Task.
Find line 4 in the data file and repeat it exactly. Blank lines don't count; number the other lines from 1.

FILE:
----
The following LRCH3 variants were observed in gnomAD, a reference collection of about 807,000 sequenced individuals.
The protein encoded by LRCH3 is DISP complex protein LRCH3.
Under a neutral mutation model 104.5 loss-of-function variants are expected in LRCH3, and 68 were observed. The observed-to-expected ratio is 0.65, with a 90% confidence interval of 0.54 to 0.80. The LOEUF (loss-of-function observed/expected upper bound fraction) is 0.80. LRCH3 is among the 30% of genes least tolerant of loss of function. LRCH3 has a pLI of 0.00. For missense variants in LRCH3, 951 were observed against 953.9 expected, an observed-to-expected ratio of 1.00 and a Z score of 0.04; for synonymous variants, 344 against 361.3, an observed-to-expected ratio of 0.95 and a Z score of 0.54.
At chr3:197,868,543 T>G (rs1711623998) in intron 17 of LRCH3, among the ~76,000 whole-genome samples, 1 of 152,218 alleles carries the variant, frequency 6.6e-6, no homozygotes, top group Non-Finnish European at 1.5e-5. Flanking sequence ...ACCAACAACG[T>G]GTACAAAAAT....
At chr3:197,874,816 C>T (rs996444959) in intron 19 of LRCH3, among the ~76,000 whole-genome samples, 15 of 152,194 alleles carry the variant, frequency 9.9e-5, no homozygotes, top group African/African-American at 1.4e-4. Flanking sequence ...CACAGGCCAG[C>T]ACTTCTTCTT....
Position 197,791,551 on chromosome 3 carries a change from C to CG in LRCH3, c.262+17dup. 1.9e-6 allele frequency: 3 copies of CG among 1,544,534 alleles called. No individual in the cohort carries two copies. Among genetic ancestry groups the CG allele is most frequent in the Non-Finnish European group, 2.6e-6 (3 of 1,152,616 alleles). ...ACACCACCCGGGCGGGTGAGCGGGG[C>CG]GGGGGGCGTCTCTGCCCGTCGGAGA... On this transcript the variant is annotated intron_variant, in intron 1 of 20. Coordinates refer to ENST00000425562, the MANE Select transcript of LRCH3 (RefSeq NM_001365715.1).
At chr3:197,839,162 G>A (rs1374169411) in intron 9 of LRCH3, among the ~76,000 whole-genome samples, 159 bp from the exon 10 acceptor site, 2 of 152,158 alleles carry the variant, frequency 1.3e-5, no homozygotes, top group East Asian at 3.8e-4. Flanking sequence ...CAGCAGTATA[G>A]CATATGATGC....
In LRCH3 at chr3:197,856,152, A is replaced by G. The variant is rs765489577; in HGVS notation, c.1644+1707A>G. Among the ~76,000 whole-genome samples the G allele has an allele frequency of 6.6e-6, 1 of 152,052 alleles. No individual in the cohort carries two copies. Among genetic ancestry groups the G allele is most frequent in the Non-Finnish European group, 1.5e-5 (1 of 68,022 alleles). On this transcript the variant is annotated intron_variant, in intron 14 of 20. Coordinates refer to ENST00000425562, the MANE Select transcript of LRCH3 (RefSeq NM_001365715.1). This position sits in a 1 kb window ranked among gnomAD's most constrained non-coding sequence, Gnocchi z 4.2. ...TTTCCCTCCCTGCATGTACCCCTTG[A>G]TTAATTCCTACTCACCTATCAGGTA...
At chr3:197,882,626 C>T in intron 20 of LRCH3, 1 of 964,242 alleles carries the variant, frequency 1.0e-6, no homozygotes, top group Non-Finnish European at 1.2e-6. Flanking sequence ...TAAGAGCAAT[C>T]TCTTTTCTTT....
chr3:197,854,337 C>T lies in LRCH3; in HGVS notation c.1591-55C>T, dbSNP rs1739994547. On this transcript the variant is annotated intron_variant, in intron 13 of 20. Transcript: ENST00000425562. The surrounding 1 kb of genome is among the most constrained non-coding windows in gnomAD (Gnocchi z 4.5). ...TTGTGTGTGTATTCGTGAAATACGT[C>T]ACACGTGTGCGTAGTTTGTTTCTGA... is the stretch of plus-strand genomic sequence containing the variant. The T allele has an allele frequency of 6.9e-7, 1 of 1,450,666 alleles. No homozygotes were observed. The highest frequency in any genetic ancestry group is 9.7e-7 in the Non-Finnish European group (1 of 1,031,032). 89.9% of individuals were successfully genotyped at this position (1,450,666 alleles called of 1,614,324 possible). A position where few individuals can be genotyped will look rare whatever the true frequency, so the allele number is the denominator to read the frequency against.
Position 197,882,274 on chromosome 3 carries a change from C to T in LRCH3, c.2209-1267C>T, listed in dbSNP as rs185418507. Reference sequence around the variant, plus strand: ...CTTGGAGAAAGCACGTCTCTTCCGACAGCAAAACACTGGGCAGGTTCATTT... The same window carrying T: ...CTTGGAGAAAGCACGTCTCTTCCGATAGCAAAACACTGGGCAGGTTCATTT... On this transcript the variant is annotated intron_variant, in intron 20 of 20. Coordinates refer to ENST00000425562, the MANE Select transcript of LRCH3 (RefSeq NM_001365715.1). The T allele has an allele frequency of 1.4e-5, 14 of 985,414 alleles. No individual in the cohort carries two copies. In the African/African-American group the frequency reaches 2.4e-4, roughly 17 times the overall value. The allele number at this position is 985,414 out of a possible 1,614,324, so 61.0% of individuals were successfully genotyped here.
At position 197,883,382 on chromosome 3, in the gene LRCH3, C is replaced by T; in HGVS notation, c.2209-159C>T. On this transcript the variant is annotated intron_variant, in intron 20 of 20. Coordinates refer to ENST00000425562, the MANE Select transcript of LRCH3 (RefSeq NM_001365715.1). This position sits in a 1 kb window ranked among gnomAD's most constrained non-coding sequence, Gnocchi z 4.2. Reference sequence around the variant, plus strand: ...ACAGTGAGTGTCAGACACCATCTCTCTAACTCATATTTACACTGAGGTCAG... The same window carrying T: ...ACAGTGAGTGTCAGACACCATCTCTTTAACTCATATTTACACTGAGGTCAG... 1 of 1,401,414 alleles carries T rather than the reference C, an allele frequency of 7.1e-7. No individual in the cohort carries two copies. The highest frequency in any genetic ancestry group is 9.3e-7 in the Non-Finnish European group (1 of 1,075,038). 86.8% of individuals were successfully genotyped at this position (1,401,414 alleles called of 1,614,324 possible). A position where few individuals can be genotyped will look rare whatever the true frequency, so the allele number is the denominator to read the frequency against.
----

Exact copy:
At chr3:197,868,543 T>G (rs1711623998) in intron 17 of LRCH3, among the ~76,000 whole-genome samples, 1 of 152,218 alleles carries the variant, frequency 6.6e-6, no homozygotes, top group Non-Finnish European at 1.5e-5. Flanking sequence ...ACCAACAACG[T>G]GTACAAAAAT....